Building on ruins: the rediscovery of Rome and English architecture

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Ashgate, 2000 - Architecture - 264 pages
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Charles Barry's victory in the competition to design the new Houses of Parliament in 1836 has been widely regarded as the moment in English architecture when the influence of Greece gave way to Victorian Gothic. In this beautifully illustrated book, Frank Salmon redirects attention to major classically-inspired buildings in Birmingham, Cambridge, Liverpool and the City of London, commissioned in the same decade after competitions had been held. He argues that these buildings bear witness to a self-conscious and more widespread identification with the ancient Roman world among the English middle classes, an identification tied to the expression of civic culture and pride during this time of political upheaval and social reform.The eighteenth-century fascination with the classical world, manifested in the Grand Tour and in British country houses, is a much studied cultural phenomenon. In this original book, Frank Salmon shows how study in Italy, an essential part of British architectural training in the second half of the eighteenth century, continued on beyond the Napoleonic period, during which there had been significant advances in the unearthing of ancient ruins. The improved knowledge of the ruins of Rome and Pompeii after 1815 made possible detailed imaginative reconstructions of the Roman townscape, distinct in type from eighteenth-century representations, that helped trigger a popular fascination with Roman society and architecture. Salmon's account of the subsequent commissioning of buildings of explicitly Roman character in England offers a fascinating insight into this preoccupation with Rome and the symbolic intentions of the architects' civil and academic patrons.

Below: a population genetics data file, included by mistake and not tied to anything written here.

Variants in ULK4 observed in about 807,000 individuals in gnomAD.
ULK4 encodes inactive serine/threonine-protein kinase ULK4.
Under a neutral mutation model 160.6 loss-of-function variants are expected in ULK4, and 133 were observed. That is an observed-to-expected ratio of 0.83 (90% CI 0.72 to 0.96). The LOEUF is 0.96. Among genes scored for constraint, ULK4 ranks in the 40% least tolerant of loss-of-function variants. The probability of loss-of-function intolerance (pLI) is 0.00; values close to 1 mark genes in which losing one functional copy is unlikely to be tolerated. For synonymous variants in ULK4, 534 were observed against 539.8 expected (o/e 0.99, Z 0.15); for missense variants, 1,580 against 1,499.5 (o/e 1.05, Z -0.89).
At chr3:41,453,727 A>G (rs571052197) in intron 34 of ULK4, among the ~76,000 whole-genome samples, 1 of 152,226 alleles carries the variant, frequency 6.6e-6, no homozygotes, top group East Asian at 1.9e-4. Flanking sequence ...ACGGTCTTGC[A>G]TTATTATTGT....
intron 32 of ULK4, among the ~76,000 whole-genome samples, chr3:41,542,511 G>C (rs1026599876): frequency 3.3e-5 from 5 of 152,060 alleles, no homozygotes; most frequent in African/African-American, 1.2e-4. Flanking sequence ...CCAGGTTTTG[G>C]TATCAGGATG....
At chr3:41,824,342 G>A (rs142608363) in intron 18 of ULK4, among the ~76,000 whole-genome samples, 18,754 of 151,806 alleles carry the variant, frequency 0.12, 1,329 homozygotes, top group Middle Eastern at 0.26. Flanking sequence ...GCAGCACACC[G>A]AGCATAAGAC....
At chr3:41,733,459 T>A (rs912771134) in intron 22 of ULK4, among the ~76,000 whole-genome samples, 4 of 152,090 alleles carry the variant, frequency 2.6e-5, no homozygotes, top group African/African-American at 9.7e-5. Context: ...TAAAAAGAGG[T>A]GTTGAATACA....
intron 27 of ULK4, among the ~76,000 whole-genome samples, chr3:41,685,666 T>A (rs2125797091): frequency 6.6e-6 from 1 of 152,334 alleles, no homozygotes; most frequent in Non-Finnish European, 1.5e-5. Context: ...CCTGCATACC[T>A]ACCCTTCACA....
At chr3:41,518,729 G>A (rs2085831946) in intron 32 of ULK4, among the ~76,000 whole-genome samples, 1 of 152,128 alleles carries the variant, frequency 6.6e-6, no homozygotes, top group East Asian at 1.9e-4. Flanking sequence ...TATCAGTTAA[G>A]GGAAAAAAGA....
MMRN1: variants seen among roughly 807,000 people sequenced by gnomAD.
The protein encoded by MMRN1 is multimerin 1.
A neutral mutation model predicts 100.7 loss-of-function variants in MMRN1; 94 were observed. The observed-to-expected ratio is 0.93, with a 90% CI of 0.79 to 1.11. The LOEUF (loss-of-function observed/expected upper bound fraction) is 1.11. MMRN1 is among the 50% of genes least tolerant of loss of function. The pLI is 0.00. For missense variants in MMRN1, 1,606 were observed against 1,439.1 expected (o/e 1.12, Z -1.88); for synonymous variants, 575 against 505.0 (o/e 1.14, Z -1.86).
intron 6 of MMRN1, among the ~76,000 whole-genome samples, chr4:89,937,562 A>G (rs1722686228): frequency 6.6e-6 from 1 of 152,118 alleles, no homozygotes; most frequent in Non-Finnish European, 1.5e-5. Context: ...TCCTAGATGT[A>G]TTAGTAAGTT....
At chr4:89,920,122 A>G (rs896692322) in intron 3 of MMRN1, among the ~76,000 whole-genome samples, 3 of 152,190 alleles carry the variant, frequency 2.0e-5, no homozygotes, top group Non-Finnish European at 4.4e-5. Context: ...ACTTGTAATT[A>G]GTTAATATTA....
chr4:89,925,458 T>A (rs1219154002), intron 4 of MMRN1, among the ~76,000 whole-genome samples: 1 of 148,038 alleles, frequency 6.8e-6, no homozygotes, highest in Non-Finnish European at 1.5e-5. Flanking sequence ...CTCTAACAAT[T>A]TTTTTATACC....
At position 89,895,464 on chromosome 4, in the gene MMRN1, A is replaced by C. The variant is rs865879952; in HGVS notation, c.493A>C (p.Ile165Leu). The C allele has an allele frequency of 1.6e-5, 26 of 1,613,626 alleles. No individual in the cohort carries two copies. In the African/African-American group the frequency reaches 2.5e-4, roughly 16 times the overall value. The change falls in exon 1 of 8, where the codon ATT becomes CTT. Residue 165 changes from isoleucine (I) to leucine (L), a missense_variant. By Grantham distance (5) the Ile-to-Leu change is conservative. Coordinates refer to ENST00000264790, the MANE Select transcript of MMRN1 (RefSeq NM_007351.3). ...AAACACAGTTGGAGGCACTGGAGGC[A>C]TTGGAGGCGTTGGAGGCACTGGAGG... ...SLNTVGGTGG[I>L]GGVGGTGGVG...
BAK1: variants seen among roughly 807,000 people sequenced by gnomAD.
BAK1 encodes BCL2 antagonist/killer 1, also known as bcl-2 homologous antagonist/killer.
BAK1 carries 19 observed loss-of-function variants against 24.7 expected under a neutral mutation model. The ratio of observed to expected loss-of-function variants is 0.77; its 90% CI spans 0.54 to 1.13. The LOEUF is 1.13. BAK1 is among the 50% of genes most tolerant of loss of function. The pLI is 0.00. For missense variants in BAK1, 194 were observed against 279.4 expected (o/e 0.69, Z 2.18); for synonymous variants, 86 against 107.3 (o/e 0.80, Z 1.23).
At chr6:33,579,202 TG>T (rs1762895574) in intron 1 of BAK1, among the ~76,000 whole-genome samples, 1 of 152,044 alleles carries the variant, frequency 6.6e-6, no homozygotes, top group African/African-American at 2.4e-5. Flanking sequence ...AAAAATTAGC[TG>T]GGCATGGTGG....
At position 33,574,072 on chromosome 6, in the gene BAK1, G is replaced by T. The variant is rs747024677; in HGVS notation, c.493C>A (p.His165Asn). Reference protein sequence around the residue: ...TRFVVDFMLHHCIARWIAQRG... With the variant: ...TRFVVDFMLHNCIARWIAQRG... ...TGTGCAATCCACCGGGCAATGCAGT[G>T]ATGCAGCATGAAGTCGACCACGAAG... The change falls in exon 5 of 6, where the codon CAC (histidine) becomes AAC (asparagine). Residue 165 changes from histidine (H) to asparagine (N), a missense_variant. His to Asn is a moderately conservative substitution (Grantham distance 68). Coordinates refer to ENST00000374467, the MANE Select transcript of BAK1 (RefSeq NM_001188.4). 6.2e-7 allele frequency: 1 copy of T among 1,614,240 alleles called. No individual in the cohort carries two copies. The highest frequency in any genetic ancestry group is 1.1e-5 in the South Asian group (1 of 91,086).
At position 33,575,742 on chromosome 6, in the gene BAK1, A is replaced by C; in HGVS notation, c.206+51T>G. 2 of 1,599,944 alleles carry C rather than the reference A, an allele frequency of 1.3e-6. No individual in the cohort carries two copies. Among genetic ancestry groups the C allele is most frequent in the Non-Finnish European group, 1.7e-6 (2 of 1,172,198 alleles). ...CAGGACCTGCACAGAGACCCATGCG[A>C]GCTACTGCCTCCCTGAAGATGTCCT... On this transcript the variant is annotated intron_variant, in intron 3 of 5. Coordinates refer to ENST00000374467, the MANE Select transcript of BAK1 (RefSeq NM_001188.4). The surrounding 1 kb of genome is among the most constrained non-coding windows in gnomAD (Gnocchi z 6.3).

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Contents

List of illustrations
7
Preface and acknowledgements
15
The later eighteenthcentury background
26
Copyright

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